When I moved across the Atlantic in 2009, I worked with lifelong sports reporters in TV and radio who would passionately ridicule soccer's arrogance. At times, I genuinely felt like I was on a hidden camera show. How, they would ask me, could a soccer game end in a 0-0 tie? For the sport to ever catch on in North America, they warned, the rules would have to change.

So the league remains surrounded by a worrying and confidence-sapping ignorance to the sport. Coupled with how the NASL's demise still casts a shadow over 30 years later, MLS errs on the side of caution. It panders to lowest common denominators and fails to take big risks. Ultimately, it's caught in a no-man's land.

The strategy to lure some of the world's most high-profile names is flawed. Very rarely has the league signed any player at their peak. As a result, it's easy to criticize when expensive acquisitions are paid a fortune to go through the motions 25 times and then disappear into the night after a single season. New players don't even talk about legacy anymore because they're so aged when they arrive in MLS. We're all in on the joke. What continues to make MLS attractive to big-names is an equally big paycheque and two years in the sun. Even the idle (idol?) chat about trying to grow the league and having a wider impact is no more.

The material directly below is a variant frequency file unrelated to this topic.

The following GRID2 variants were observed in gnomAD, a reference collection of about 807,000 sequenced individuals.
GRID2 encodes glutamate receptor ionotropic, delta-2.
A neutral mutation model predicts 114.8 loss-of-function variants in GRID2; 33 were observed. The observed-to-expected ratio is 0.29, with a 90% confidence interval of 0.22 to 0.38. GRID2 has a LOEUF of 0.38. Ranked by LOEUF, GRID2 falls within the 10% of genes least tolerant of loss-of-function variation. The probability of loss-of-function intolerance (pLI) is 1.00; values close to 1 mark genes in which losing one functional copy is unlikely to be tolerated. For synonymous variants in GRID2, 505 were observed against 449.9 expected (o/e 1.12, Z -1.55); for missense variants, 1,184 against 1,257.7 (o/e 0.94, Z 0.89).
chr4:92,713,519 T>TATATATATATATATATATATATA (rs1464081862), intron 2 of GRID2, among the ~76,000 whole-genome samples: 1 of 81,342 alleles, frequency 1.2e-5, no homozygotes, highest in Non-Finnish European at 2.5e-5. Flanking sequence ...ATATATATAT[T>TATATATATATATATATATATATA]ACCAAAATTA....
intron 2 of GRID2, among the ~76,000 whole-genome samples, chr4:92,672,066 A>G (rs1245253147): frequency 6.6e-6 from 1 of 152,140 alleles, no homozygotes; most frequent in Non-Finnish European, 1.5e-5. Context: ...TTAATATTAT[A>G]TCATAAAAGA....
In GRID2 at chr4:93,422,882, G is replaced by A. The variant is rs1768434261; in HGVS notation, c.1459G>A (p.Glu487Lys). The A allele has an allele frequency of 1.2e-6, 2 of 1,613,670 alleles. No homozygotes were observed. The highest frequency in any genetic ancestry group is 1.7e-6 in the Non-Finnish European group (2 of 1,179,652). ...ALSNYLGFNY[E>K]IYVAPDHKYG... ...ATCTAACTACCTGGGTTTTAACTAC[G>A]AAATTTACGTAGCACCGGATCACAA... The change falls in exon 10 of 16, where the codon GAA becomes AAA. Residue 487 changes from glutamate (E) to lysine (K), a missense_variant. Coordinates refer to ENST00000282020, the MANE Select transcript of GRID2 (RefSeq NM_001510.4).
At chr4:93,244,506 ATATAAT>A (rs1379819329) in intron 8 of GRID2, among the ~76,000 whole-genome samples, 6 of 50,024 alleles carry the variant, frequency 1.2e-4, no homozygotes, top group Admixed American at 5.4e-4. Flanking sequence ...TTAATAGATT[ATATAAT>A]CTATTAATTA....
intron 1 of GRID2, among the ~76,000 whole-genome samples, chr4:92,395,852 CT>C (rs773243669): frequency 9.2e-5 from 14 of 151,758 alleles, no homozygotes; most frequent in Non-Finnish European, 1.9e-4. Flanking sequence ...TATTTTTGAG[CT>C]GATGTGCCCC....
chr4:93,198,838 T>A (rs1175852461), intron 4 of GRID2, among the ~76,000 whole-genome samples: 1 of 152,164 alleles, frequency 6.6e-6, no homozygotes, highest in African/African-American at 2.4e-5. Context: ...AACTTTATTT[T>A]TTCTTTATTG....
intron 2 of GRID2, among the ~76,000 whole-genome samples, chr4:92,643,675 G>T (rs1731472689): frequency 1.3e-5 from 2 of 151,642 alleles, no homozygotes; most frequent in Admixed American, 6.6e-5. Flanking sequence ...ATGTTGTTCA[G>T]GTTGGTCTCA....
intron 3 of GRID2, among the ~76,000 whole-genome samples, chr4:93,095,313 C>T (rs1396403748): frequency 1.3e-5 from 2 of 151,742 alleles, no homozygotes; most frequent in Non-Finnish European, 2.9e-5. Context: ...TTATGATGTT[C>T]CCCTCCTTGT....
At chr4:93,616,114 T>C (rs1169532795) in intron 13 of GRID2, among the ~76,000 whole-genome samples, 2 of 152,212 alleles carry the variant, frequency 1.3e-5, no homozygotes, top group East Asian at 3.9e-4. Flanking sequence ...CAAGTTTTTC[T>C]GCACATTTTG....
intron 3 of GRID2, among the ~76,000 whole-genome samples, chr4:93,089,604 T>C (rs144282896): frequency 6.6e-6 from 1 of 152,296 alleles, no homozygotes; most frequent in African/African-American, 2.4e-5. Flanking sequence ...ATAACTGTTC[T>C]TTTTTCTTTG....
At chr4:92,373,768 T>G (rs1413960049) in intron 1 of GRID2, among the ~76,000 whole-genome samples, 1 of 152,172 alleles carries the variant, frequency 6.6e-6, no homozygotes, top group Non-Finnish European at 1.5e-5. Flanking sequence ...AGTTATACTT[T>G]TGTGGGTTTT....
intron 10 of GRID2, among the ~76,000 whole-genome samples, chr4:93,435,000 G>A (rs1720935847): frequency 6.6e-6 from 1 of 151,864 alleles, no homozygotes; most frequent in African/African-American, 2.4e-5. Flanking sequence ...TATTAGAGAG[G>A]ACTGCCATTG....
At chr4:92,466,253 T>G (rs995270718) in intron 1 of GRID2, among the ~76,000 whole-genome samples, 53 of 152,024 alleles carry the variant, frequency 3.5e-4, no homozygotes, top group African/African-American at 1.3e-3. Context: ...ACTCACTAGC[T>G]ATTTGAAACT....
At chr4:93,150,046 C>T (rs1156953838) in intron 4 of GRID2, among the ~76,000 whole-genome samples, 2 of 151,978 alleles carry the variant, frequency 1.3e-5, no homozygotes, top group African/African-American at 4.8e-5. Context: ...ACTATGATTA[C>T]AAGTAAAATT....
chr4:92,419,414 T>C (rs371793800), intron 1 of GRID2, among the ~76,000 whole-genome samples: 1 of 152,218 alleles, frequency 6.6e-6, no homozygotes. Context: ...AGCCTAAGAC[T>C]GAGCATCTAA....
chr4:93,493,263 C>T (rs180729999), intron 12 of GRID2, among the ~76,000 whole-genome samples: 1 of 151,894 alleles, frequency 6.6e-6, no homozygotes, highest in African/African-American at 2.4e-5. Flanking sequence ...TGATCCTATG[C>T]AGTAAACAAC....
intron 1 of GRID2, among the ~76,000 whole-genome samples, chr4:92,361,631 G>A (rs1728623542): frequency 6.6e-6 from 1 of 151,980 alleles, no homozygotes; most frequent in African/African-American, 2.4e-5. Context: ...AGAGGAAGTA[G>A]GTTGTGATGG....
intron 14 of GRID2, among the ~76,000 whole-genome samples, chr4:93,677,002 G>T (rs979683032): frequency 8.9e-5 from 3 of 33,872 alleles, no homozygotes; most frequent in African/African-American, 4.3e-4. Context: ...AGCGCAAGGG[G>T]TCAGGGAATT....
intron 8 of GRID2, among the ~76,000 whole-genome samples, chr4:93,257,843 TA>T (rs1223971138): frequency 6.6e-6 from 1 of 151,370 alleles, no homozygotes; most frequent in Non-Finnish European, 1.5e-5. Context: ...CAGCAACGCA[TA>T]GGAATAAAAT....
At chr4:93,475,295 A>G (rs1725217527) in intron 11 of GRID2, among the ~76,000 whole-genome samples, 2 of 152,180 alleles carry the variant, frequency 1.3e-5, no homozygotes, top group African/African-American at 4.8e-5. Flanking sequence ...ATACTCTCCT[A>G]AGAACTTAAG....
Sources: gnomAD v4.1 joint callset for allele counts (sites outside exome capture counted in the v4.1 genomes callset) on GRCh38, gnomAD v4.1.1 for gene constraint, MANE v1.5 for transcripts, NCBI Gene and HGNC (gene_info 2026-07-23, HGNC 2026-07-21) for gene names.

MLS is very much complicit in this. In 2014, they were willing participants in a humiliating debacle regarding Frank Lampard's non-signing signing for New York City FC. The league spectacularly celebrated his arrival but it was all faked. They knew he'd actually spend the following season playing for Manchester City in the Premier League and would only join NYC in the summer of 2015. The whole sorry saga showed the league up for being lowly, two-bit and desperate.